Mig-6 exerts a propaoptotic effect as an endometrial cancer tumor suppressor

To determine whether endometrial hyperplasia and cancer in Ptend/d and Mig-6d/dPtend/d mice is caused by an alteration in cell proliferation and/or apoptosis, we performed immunohistochemical staining for phospho-histone H3, a mitotic marker, and cleaved caspase 3, an apoptotic marker, in mice at 2 weeks of age. Immunohistochemical staining of phospho-histone H3 showed that proliferation was significantly increased in the epithelium of Ptend/d and Mig-6d/dPtend/d compared with control and Mig-6d/d mice (Figures 3a and b). However, no significant difference was observed between Ptend/d and Mig-6d/dPtend/d mice. Immunohistochemical staining of cleaved caspase 3 showed a significant decrease in the number of apoptotic cells in the epithelium of Mig-6d/dPtend/d mice compared with Ptend/d mice (Figures 3c and d). There was also no difference in stromal cell proliferation and apoptosis. These results suggest that Mig-6 functions as a tumor suppressor to induce apoptosis when Pten is mutated.

Figure 3
figure3

The regulation of proliferation and apoptosis by Mig-6. (a) Immunohistochemical analysis of phospho-histone H3 as a proliferation marker in the uteri of control, Mig-6d/d, Ptend/d and Mig-6d/d Ptend/d mice at 2 weeks of age. (b) Quantification of phospho-histone H3-positive cells in epithelial and stromal cells (c) Immunohistochemical analysis of cleaved caspase-3 as an apoptotic cell marker. Small arrows indicate apoptotic cells. (d) Quantification of cleaved caspase-3-positive cells in epithelial and stromal cells. *P<0.05; ***P<0.001.

Mig-6 represses Birc1 expression in the murine uterus

The decision as to whether a cell undergoes apoptosis is determined by the opposing actions of proapoptotic and antiapoptotic effectors (Song and Santen, 2003). It is known that E2 can tip this balance toward cell survival in uterine epithelial cells by inducing the expression of baculoviral inhibitors of apoptosis repeat-containing 1 (Birc1), a family of antiapoptotic proteins (Yin et al., 2008). To determine whether Mig-6 promotes uterine epithelial apoptosis by suppressing Birc1 expression, the expression of Birc1a, Birc1b and Birc1e was determined in Mig-6f/f and Mig-6d/d mice treated with E2 for 3 days by real-time RT–PCR (n=3). Interestingly, the expression of Birc1 genes was significantly increased in Mig-6d/d mice treated with E2 compared with Mig-6f/f mice (Figure 4a). These results suggest that Mig-6 induces uterine epithelial apoptosis by the downregulation of Birc1 expression. We also examined the expression of Birc1a, Birc1b and Birc1e in control, Mig-6d/d, Ptend/d and Mig-6d/dPtend/d mice at 2 weeks of age (n=3) (Figure 4b). The expression of Birc1a and Birc1b but not Birc1e was significantly increased in Mig-6d/dPtend/d mice compared with the other groups. Although the expression of Birc1a, Birc1b and Birc1e was slightly increased in Ptend/d mice compared with control and Mig-6d/d mice, the increase was not significant. These results suggest that Mig-6 exerts a tumor suppressor function by inducing uterine epithelial apoptosis through the suppression of Birc1 expression under tumorigenic conditions, such as unopposed E2 action or Pten ablation.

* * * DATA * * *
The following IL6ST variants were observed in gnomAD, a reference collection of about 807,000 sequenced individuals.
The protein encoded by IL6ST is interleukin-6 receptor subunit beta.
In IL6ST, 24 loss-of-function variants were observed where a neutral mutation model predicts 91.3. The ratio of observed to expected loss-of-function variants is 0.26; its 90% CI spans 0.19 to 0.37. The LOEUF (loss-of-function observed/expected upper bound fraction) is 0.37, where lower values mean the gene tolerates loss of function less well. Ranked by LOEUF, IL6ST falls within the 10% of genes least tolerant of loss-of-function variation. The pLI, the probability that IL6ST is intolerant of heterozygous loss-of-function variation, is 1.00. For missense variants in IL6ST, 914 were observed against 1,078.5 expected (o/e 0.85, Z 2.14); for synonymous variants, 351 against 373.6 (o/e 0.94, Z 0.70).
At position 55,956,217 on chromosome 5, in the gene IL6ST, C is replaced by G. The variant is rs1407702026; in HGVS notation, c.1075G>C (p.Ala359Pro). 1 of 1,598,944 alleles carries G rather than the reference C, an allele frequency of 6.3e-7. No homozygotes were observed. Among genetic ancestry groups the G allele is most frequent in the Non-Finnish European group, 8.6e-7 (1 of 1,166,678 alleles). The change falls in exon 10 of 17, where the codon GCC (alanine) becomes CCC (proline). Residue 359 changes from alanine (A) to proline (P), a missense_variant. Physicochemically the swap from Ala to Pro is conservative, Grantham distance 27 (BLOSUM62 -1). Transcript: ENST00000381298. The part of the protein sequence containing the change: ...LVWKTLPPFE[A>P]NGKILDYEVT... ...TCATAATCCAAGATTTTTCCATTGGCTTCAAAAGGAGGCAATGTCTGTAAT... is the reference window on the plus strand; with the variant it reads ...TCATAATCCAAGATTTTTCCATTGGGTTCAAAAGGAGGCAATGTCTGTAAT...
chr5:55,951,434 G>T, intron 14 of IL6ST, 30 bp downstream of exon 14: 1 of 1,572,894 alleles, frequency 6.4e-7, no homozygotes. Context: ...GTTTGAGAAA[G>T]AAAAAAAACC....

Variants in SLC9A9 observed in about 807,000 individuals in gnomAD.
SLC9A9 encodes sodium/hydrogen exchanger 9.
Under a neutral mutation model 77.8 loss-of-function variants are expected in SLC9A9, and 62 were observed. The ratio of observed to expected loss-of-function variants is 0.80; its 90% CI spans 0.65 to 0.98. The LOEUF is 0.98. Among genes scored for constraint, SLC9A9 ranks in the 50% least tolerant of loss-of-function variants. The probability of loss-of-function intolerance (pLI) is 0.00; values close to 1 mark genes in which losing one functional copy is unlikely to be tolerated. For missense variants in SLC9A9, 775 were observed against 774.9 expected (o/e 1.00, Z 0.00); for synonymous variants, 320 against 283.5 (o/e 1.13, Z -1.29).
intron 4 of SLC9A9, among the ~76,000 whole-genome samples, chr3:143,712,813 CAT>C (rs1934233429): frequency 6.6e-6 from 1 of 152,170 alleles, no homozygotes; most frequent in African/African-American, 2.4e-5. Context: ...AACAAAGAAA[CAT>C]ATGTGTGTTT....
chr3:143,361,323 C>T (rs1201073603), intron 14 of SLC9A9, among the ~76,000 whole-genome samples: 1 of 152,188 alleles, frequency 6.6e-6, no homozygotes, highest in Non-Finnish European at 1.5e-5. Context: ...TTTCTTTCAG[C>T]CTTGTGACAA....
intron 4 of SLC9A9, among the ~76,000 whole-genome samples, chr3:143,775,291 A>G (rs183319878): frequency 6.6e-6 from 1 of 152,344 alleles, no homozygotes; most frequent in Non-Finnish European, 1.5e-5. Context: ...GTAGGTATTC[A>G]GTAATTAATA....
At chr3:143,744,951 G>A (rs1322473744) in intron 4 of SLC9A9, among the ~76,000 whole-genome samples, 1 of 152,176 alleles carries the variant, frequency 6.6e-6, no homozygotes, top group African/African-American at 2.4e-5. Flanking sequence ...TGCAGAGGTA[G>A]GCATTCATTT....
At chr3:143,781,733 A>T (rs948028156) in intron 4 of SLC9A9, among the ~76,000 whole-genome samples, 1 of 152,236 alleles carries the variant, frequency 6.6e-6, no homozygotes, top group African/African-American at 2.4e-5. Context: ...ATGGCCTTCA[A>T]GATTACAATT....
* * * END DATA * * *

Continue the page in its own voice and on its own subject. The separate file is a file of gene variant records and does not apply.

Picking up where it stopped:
Figure 4
figure4

The regulation of Birc1 genes in the uteri of Mig-6 ablation. (a) Real-time RT–PCR analysis of Birc1a, Birc1b and Birc1e was performed on the uteri of Mig-6d/d and Mig-6f/f mice treated with E2 for 3 days. (b) Real-time RT–PCR analysis of Birc1a, Birc1b and Birc1e was performed on the uteri of control, Mig-6d/d, Ptend/d and Mig-6d/d Ptend/d mice at 2 weeks of age. *P<0.05.

The interaction of MIG-6 with ERK2 and its regulation of ERK2 phosphorylation

Although these results have established the role of Mig-6 in steroid hormone regulation and tumorigenesis, the molecular mechanism of Mig-6 action remains unclear. As MIG-6 is an adaptor molecule, we turned to a biochemical and proteomics approach to identify MIG-6-associating proteins to gain insight into its mechanism of action. One of the hallmarks of endometrial cancer is the loss of ovarian steroid hormone (E2 and P4) control over uterine epithelial cell proliferation and apoptosis (Ito et al., 2007; Franco et al., 2008). E2 promotes endometrial cancer by stimulating proliferation and inhibiting apoptosis, whereas P4 antagonizes these actions of E2 in the uterus. Our previous results showed that the absence of Mig-6 in mice results in the inability of P4 to inhibit E2-induced uterine weight gain and E2-responsive target genes expression (Jeong et al., 2009). These results suggest that Mig-6 suppresses E2 signaling in the presence of P4. Therefore, we isolated endogenous MIG-6 protein complexes using an anti-MIG-6 antibody (Sigma-Aldrich, St Louis, MO, USA) from the uteri of Mig-6f/f and Mig-6d/d mice treated with E2+P4 for 3 days and identified associated proteins using mass spectrometry. Proteins that were identified from lysates prepared by immunoprecipitation in Mig-6f/f mice but not in Mig-6d/d mice were considered true interacting proteins. The use of the Mig-6d/d tissue serves as the control for nonspecific and cross-reacting proteins. Using this criterion, the identified MIG-6-interacting proteins are listed in Table 1.

Table 1 The list of MIG-6 associating proteins